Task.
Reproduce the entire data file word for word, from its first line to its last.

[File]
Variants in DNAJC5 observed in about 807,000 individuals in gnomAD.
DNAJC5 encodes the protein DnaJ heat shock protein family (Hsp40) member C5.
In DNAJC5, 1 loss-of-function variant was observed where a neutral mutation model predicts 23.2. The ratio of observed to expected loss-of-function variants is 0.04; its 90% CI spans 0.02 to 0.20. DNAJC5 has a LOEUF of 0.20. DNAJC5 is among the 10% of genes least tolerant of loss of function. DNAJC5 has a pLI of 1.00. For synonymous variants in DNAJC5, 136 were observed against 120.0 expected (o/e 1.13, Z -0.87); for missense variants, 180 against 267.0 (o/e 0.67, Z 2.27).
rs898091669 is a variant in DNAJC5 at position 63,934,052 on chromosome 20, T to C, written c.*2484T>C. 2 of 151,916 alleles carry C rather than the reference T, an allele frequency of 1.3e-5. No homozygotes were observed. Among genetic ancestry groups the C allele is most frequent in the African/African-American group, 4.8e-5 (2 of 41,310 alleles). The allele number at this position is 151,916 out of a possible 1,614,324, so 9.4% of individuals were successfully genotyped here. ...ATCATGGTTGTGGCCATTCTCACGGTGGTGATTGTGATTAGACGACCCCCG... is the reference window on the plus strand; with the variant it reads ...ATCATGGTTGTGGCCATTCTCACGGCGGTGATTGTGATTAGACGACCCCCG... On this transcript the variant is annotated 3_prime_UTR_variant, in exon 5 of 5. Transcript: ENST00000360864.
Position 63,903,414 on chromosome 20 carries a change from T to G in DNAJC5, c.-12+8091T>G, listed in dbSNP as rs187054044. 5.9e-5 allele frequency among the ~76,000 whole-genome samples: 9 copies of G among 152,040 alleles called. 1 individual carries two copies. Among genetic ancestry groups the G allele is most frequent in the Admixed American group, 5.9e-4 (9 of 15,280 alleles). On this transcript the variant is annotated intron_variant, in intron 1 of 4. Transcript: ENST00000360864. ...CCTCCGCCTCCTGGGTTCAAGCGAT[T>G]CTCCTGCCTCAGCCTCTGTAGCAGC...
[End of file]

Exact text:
Variants in DNAJC5 observed in about 807,000 individuals in gnomAD.
DNAJC5 encodes the protein DnaJ heat shock protein family (Hsp40) member C5.
In DNAJC5, 1 loss-of-function variant was observed where a neutral mutation model predicts 23.2. The ratio of observed to expected loss-of-function variants is 0.04; its 90% CI spans 0.02 to 0.20. DNAJC5 has a LOEUF of 0.20. DNAJC5 is among the 10% of genes least tolerant of loss of function. DNAJC5 has a pLI of 1.00. For synonymous variants in DNAJC5, 136 were observed against 120.0 expected (o/e 1.13, Z -0.87); for missense variants, 180 against 267.0 (o/e 0.67, Z 2.27).
rs898091669 is a variant in DNAJC5 at position 63,934,052 on chromosome 20, T to C, written c.*2484T>C. 2 of 151,916 alleles carry C rather than the reference T, an allele frequency of 1.3e-5. No homozygotes were observed. Among genetic ancestry groups the C allele is most frequent in the African/African-American group, 4.8e-5 (2 of 41,310 alleles). The allele number at this position is 151,916 out of a possible 1,614,324, so 9.4% of individuals were successfully genotyped here. ...ATCATGGTTGTGGCCATTCTCACGGTGGTGATTGTGATTAGACGACCCCCG... is the reference window on the plus strand; with the variant it reads ...ATCATGGTTGTGGCCATTCTCACGGCGGTGATTGTGATTAGACGACCCCCG... On this transcript the variant is annotated 3_prime_UTR_variant, in exon 5 of 5. Transcript: ENST00000360864.
Position 63,903,414 on chromosome 20 carries a change from T to G in DNAJC5, c.-12+8091T>G, listed in dbSNP as rs187054044. 5.9e-5 allele frequency among the ~76,000 whole-genome samples: 9 copies of G among 152,040 alleles called. 1 individual carries two copies. Among genetic ancestry groups the G allele is most frequent in the Admixed American group, 5.9e-4 (9 of 15,280 alleles). On this transcript the variant is annotated intron_variant, in intron 1 of 4. Transcript: ENST00000360864. ...CCTCCGCCTCCTGGGTTCAAGCGAT[T>G]CTCCTGCCTCAGCCTCTGTAGCAGC...